De Beers and the Diamond Monopoly
Report - Guide Thomas Schieder I.-No.: 648792 SS00 – Wirtschaftsrecht SuK - Economic Policy
1. History 1.1 De Beers and the Diamond Cartel 1.2 Cecil Rhodes and the discovery of Diamonds in South Africa 1.3 Evolution of the Cartel 1.4 The Cartel in action 1.5 Stockpiling
2. U. S. Antitrust Law 2.1 History and Motivation 2.1.1 The Sherman Act 2.1.2 The Clayton Act 2.2 Extraterritoriality
3. De Beers in 2000
- Harvard Business Review: N9 – 700 – 082; Case Study on De Beers - http://www.dse.de/za/lis/botswana/botswana.htm
Thanks to Mark Irvine, Investor Relations Manager, De Beers Consolidated Mines Ltd., Johannesburg, South Africa
De Beers and the Diamond Cartel
For centuries, Diamonds have been regarded as one of the most valuable commodities (Waren) in the world. They have been the stuff of legend and the privilege of royalty, the symbol of romance and of greed (Gier). They have been treasured (geschätzt) of their beauty, their hardness and their unique ability to capture (erobern) and transform light. Most of all, however, diamonds have been treasured because they are rare. In ancient times this scarcity (Knappheit) was real. Known to exist only in the riverbeds of India and jungles of Brazil, diamonds were the most exclusive of stones and only a tiny portion of the world´s people had ever seen one, much less worn one. Then, by the end of the 19th century the South African mines have been discovered and they brought an avalanche (Lawine) of stones into the market. Suddenly the privilege was transformed into a commodity for the mass. At this time the vast change of supply of Diamonds had little effect on their price because there was a deeply ingrained perception (tief verwurzelte Auffassung) around the stones even they were cascading into the markets of Europe. Realising that Diamonds would be virtually worthless once they appeared commonplace, a young Englishman named Cecil Rhodes worked to consolidate the entire Industry and keep the supply of gemstones (Edelsteine) sharp limited. Under his guidance the international Diamond Cartel was born. Following his philosophy it became one of the most successful cartels of all time. Since then this cartel has regulated the market for Diamond gemstones and maintained the fragile illusion of their scarcity. The cartels reach is legendary. It controls a significant number of the world´s diamond mines; it sorts and classifies a large percentage of the world´s rough stones; and through its Central Selling Organisation (CSO) in London it determines (bestimmt) who can buy which stones and how much each buyer must pay. Its strategy is as simple now as it was in Rhodes’s time: To balance the number of diamonds released (freigegeben) into the market in any given year and thus to perpetuate the illusion of diamonds as a scarce and valuable commodity.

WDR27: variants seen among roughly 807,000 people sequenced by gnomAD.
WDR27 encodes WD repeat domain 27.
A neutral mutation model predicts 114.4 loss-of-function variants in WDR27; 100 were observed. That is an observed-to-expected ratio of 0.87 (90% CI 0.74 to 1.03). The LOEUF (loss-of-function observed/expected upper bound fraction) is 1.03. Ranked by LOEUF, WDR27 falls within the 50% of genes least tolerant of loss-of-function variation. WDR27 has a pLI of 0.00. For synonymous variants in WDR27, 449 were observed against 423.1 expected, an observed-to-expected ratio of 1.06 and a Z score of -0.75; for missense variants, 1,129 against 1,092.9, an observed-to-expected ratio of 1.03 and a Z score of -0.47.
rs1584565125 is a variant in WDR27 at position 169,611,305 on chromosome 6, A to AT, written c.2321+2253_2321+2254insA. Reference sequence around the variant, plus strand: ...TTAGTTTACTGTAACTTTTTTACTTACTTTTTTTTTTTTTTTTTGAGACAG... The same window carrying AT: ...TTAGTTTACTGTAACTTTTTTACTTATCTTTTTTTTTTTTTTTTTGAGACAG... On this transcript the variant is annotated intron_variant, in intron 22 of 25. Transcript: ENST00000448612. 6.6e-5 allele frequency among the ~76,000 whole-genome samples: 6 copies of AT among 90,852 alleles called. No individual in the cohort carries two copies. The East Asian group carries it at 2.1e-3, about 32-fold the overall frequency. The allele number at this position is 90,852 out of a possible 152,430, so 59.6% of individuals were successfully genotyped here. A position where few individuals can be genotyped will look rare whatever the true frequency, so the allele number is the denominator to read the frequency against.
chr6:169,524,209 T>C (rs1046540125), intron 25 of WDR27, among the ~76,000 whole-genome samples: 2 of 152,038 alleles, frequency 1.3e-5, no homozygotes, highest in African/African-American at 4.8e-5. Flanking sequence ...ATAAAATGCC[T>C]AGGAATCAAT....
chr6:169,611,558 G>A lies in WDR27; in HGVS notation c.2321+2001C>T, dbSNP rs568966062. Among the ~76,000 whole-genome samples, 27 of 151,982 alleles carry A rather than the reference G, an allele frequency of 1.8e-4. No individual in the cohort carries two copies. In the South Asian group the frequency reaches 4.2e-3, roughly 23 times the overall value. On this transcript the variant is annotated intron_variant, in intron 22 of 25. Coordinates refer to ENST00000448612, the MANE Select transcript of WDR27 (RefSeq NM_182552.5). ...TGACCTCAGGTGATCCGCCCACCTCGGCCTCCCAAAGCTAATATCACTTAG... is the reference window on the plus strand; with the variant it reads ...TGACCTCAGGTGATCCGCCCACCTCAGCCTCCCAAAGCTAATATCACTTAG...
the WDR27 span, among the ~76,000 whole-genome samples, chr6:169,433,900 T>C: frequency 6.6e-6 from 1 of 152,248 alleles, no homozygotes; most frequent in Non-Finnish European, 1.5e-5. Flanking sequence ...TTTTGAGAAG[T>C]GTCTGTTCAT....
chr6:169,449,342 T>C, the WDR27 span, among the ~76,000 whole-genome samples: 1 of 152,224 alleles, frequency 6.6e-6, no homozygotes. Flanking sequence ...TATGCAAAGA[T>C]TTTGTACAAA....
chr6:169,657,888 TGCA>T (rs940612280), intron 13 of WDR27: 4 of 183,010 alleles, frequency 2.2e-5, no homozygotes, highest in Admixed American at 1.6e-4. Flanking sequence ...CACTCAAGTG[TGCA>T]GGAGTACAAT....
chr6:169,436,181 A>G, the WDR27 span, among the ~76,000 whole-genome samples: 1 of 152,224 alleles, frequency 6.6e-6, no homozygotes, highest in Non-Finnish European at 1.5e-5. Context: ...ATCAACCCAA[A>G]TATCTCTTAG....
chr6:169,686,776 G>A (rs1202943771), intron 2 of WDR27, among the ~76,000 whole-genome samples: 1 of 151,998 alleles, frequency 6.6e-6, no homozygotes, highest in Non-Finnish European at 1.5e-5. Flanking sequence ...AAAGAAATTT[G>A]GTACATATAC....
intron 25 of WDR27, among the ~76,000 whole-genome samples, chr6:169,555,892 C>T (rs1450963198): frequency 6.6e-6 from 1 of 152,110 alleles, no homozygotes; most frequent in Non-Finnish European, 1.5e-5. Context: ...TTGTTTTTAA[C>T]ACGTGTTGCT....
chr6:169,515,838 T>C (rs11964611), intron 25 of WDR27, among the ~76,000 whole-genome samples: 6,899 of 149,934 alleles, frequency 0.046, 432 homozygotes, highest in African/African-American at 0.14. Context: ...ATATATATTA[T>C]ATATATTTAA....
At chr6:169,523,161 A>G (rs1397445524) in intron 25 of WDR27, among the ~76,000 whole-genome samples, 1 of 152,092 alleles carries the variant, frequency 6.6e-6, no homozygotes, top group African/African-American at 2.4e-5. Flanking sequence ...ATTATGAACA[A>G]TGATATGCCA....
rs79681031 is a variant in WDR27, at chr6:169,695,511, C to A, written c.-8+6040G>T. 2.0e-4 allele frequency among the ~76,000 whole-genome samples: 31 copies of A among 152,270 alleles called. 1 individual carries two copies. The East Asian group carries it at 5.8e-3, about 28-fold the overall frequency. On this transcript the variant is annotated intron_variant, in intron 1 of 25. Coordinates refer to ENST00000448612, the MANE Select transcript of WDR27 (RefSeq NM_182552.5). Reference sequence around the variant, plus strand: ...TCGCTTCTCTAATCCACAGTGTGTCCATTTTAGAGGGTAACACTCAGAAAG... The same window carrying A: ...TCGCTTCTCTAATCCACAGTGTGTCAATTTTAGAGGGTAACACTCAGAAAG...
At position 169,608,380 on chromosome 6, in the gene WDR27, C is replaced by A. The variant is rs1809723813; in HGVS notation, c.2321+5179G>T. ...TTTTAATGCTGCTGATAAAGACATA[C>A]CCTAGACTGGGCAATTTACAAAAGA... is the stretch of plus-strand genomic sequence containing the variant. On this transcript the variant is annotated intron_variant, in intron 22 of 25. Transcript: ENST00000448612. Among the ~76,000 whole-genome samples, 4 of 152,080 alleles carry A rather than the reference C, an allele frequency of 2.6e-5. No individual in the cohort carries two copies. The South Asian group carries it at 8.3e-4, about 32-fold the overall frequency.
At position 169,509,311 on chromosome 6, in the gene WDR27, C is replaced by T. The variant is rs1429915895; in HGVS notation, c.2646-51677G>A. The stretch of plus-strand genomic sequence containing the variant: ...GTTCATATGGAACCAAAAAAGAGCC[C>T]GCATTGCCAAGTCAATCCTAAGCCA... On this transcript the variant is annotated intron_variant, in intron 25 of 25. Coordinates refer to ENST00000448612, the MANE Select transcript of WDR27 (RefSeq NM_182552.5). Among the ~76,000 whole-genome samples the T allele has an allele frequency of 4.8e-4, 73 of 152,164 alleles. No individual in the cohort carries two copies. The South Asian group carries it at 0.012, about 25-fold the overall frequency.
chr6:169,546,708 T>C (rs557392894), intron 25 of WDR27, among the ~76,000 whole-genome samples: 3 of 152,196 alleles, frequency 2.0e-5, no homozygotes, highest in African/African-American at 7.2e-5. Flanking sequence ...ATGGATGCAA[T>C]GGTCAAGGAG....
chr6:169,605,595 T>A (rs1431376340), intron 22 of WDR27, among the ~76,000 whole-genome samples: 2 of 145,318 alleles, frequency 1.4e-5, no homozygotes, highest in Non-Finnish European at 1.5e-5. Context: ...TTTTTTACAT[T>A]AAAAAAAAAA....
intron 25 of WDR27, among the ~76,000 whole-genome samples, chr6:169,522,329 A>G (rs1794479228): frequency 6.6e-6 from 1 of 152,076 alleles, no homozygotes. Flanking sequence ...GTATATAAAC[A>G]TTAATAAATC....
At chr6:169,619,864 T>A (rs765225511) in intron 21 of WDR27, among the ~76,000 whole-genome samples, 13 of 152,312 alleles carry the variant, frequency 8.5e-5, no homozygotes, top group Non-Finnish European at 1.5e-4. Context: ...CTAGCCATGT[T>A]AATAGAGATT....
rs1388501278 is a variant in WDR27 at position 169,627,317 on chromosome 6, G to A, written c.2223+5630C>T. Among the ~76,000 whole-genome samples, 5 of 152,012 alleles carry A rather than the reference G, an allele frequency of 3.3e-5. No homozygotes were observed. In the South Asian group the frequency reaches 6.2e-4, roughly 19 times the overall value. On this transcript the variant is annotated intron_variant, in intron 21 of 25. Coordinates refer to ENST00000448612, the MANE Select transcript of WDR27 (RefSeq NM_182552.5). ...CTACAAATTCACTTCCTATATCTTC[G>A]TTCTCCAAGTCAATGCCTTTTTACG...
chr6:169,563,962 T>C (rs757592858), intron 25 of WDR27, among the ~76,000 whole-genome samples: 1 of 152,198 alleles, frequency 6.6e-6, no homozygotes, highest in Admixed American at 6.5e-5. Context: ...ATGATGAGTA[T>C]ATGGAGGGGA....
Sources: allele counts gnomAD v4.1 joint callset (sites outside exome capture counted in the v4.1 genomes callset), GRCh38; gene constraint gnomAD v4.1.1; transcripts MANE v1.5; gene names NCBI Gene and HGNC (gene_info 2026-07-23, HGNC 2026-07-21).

Genero1@aol.com 1.2 Cecil Rhodes and the discovery of Diamonds in South Africa
In 1866 the accidental discovery of Diamonds in South Africa changed the Diamond Industry. The first stone, picked up on the Banks of the “Gariep River” by a 13-yearold boy, was generally dismissed as a geological fluke. The 2nd find, a stone of 83 ½ carats, was too tempting (verführerisch) to ignore. In 1869 the Diamond Fever hit South Africa 10.000 Miners had rushed to the plains of the Cape Province to stake their claims and make their fortune. Then, in 1872, five separate Mines had been established These Mines produced an avalanche of gem-quality stones. As the diggers delved deeper and deeper into the Kimberlite the miners tapped into underground water tables, flooding the claims and rendering (hinterlassen) them virtually unworkable. In 1874 the Steam-Powered Pump was introduced by Cecil Rhodes, a young sick Englishman. He rented out his pump to several Miners, and within a year Rhodes was serving all of the mines in the area. With...
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